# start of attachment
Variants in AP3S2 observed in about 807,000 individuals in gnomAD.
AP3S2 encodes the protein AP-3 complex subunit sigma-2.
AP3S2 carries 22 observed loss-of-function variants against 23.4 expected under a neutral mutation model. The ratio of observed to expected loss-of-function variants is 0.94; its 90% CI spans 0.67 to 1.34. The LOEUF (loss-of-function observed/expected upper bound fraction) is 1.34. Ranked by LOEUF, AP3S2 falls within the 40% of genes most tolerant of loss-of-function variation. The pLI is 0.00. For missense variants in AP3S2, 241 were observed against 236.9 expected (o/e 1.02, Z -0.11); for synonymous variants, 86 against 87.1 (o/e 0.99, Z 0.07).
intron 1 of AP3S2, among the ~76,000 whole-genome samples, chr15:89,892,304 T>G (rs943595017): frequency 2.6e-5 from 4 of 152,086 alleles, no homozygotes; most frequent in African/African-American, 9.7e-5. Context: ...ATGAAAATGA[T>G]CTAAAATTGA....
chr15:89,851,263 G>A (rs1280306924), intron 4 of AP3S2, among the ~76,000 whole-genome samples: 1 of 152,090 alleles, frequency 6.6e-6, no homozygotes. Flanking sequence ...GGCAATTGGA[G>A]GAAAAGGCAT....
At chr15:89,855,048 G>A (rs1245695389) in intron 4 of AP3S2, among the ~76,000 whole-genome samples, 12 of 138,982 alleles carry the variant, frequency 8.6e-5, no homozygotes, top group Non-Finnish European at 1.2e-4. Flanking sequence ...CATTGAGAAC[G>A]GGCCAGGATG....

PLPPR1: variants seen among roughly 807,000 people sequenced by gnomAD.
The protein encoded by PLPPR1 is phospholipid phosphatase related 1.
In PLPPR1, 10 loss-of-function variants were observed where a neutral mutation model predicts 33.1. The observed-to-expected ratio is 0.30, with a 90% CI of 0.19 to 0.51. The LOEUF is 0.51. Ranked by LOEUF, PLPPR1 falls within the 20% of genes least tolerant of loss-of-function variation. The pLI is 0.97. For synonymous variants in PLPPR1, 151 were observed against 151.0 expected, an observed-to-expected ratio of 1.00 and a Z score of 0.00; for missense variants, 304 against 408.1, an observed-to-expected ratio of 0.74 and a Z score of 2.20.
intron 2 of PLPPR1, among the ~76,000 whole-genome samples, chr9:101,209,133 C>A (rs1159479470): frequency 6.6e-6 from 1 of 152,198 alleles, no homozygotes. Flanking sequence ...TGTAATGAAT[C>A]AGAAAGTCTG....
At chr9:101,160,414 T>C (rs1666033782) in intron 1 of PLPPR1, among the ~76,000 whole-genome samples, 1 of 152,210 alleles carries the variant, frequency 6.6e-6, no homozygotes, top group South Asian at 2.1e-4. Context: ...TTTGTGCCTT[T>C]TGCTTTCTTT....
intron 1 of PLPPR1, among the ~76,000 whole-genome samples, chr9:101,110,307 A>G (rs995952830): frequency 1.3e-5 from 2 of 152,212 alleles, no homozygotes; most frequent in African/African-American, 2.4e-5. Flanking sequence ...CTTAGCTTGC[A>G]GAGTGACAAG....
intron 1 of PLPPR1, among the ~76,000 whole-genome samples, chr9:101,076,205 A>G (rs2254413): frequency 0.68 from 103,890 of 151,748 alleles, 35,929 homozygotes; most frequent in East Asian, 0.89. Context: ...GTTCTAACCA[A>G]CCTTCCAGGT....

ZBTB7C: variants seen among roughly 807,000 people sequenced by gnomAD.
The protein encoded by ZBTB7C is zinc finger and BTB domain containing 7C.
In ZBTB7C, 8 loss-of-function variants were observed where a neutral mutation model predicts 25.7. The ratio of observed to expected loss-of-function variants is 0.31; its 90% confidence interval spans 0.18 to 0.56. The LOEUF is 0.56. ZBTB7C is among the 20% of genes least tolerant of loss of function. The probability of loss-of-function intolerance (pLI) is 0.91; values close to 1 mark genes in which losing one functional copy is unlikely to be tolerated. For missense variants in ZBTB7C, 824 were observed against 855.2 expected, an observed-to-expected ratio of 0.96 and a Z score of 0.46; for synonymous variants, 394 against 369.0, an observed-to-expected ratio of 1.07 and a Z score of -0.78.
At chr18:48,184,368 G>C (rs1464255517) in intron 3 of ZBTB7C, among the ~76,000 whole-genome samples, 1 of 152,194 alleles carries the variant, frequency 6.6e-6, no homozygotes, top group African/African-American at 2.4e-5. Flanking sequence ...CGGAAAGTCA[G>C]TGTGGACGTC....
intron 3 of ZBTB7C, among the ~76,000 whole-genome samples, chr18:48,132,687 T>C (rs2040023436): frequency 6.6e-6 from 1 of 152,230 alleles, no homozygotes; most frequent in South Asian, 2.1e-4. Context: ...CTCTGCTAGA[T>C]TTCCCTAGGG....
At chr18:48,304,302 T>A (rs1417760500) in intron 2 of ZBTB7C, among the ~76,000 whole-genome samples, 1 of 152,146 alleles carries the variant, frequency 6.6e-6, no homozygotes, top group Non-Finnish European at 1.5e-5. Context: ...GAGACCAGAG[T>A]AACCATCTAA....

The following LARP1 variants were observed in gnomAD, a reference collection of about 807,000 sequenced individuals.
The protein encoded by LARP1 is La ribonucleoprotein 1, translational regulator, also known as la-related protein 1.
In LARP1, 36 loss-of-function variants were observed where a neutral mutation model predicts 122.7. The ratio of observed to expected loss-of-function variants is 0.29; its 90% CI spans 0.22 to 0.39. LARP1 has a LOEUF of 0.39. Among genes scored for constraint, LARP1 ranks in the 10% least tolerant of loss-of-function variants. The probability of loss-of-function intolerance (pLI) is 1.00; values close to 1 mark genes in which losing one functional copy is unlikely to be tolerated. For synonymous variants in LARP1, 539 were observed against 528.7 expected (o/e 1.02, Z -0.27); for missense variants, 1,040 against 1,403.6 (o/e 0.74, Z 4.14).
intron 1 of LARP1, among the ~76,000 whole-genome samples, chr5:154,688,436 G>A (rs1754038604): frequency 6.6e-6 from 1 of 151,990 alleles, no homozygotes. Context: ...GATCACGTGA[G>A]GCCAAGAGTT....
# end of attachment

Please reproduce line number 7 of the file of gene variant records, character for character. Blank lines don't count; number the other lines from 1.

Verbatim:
PLPPR1: variants seen among roughly 807,000 people sequenced by gnomAD.